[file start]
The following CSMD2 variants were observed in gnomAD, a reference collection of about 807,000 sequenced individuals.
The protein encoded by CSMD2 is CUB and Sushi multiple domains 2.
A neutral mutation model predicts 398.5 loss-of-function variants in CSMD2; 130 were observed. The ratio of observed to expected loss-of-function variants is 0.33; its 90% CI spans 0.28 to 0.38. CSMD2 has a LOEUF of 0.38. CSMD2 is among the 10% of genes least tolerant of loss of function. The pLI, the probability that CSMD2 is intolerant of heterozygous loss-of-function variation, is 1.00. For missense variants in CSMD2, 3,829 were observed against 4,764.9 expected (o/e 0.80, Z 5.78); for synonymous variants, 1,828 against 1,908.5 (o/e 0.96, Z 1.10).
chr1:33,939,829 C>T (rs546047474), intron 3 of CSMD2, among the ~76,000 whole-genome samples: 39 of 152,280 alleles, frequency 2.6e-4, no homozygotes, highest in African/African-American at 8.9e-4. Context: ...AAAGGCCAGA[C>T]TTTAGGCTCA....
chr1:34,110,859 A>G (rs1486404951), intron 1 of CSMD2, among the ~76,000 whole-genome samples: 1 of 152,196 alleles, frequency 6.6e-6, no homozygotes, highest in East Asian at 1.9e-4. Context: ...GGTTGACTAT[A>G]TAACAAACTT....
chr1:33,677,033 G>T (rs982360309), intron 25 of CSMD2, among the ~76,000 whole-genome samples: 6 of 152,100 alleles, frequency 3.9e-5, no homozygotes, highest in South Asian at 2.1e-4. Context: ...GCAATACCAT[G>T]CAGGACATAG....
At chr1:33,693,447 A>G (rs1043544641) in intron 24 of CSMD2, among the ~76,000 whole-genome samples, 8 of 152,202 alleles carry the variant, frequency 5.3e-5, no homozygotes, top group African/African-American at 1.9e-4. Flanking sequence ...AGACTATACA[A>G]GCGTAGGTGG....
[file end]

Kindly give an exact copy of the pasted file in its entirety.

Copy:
The following CSMD2 variants were observed in gnomAD, a reference collection of about 807,000 sequenced individuals.
The protein encoded by CSMD2 is CUB and Sushi multiple domains 2.
A neutral mutation model predicts 398.5 loss-of-function variants in CSMD2; 130 were observed. The ratio of observed to expected loss-of-function variants is 0.33; its 90% CI spans 0.28 to 0.38. CSMD2 has a LOEUF of 0.38. CSMD2 is among the 10% of genes least tolerant of loss of function. The pLI, the probability that CSMD2 is intolerant of heterozygous loss-of-function variation, is 1.00. For missense variants in CSMD2, 3,829 were observed against 4,764.9 expected (o/e 0.80, Z 5.78); for synonymous variants, 1,828 against 1,908.5 (o/e 0.96, Z 1.10).
chr1:33,939,829 C>T (rs546047474), intron 3 of CSMD2, among the ~76,000 whole-genome samples: 39 of 152,280 alleles, frequency 2.6e-4, no homozygotes, highest in African/African-American at 8.9e-4. Context: ...AAAGGCCAGA[C>T]TTTAGGCTCA....
chr1:34,110,859 A>G (rs1486404951), intron 1 of CSMD2, among the ~76,000 whole-genome samples: 1 of 152,196 alleles, frequency 6.6e-6, no homozygotes, highest in East Asian at 1.9e-4. Context: ...GGTTGACTAT[A>G]TAACAAACTT....
chr1:33,677,033 G>T (rs982360309), intron 25 of CSMD2, among the ~76,000 whole-genome samples: 6 of 152,100 alleles, frequency 3.9e-5, no homozygotes, highest in South Asian at 2.1e-4. Context: ...GCAATACCAT[G>T]CAGGACATAG....
At chr1:33,693,447 A>G (rs1043544641) in intron 24 of CSMD2, among the ~76,000 whole-genome samples, 8 of 152,202 alleles carry the variant, frequency 5.3e-5, no homozygotes, top group African/African-American at 1.9e-4. Flanking sequence ...AGACTATACA[A>G]GCGTAGGTGG....